Fredonia campus quad

The Seven Principles of Effective Teaching

This pathway explores seven principles that exemplify good teaching (both in-person and online)! 

The Seven Principles

Simply put, good teaching is good teaching regardless of face-to-face or online format. It isn't primarily about technology. Indeed, a sleek, highly produced online course steeped in technological bells and whistles will not compensate for an underlying lack of thoughtfulness and intention about the teaching and learning relationships and practices at its core. This is what matters most, and what ideally guides design.

In the 1980’s, educational researchers Chickering and Gamson established The 7 Principles of Good Teaching in Undergraduate Education. These principles continue to exemplify good teaching today - and apply to the context of adult learning as well. They are below along with some exaples of putting them into practice:

  1. Encourage student-faculty contact - Through introductions, announcements, online office hours, and prompt response to student questions and concerns
  2. Encourage cooperation among students - Through all-class or small-group discussions and well-supported group work using both asynchronous and synchronous collaboration tools
  3. Encourage active learning - As discussed in the Active Learning unit
  4. Give prompt feedback - Including both summative and formative feedback
  5. Provide clear instructions regarding due dates and participation - Emphasizing the need to spend as much (or more) time on online elements as well as in-person class activities. At the same time, be reasonable in your expectations regarding quantity of reading and work in both face to face and online modalities.
  6. Provide clear expectations for student work - And participation through rubrics, examples, and carefully detailed guidelines
  7. Use multiple means of instruction, engagement, and assessment - Such as audio, video, screencasts, diagrams, etc. to make learning accessible for all students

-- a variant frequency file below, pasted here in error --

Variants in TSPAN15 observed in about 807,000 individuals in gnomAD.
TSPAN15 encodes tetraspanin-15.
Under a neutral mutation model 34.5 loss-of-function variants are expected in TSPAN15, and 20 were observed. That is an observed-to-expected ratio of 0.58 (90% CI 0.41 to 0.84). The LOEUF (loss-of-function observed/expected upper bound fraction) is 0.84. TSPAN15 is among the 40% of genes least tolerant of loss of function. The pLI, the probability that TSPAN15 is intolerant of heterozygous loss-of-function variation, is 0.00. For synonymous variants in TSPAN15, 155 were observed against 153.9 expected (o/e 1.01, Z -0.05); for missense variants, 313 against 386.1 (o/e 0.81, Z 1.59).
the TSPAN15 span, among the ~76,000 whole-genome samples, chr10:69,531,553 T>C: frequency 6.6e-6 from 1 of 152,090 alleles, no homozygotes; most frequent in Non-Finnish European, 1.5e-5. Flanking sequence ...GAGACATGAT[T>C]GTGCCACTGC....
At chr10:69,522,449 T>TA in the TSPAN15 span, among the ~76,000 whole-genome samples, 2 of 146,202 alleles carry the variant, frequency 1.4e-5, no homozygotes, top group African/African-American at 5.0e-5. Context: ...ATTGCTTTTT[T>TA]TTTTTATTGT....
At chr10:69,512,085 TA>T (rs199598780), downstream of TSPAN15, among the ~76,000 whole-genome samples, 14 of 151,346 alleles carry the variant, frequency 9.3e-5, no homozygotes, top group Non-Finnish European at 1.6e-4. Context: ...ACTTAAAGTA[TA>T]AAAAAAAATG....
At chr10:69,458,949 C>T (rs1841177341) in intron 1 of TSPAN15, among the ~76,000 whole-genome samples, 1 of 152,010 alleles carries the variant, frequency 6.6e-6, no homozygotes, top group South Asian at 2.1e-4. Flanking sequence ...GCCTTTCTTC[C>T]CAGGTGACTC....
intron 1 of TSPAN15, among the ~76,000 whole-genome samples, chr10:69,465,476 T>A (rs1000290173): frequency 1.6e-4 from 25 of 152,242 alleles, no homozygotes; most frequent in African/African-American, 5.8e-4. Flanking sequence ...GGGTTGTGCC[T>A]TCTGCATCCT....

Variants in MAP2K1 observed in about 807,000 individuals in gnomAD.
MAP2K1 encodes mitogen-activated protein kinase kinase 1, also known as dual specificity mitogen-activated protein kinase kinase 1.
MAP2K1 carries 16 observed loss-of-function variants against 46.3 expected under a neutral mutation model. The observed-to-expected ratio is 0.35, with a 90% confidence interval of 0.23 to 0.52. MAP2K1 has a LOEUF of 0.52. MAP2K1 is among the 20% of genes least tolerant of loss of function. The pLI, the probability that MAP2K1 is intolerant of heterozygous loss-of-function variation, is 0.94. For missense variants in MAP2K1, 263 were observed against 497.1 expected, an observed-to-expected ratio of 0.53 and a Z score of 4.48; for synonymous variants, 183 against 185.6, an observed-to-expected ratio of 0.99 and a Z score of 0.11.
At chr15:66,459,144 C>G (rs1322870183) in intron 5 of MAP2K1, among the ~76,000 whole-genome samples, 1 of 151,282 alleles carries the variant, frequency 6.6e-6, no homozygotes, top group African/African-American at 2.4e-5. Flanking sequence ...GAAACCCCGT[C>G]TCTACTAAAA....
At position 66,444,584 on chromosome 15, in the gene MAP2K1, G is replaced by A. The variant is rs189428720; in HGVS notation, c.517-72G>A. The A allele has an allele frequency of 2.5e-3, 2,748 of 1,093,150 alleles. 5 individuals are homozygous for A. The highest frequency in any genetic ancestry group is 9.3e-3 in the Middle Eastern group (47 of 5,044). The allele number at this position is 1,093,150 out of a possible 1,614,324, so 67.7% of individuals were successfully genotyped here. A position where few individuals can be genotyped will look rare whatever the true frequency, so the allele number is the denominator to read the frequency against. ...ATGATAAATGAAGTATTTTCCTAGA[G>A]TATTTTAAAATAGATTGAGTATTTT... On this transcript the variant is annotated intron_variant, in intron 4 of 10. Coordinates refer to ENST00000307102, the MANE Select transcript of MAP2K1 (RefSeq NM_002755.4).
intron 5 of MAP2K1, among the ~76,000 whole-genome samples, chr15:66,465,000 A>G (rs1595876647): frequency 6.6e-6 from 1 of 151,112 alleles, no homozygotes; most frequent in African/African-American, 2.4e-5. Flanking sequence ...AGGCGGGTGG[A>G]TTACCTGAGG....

Chickering and Gamson’s widely-cited 1987 article, Seven Principles of Good Practice in Undergraduate Education is available here

A decade after the initial publication of their research, they published a short piece that considers how technology can be leveraged to practice the seven principles. Please read Implementing the seven principles: Technology as Lever.

The following article, by Dr. Oliver Dreon of Millersville University, takes a more in-depth look at how to apply the 7 principles: Applying the Seven Principles for Good Practice to the Online Classroom. 

Want to explore further? Strategies and Examples to Support the 7 Principles

Self-paced Modules:

Course modules have been set up OnCourse with self-paced activities where we will look at the various tools available to you in OnCourse and some ways that you may want to use them in your own courses. To dive deeper into the 7 principles, visit the Remote Learning Roadmap Landing Page in OnCourse.

Accessing the Remote Learning Roadmap Modules in OnCourse

  1. Visit the Remote Learning Roadmap Landing Page in OnCourse. 
  2. The Fredonia eServices login screen will appear.
  3. Login using your eServices username and password.
  4. Press the orange “Enroll Me” button.
  5. The course will be added to your Course block on the Dashboard page in the Groups category.

Visit the next topic: Backward Design

CC BY-NC 4.0

Licensing

This site is licensed under a Creative Commons Attribution-ShareAlike 4.0 International License. Derived from Muhleberg College's Camp Design Online.

Camp Design Online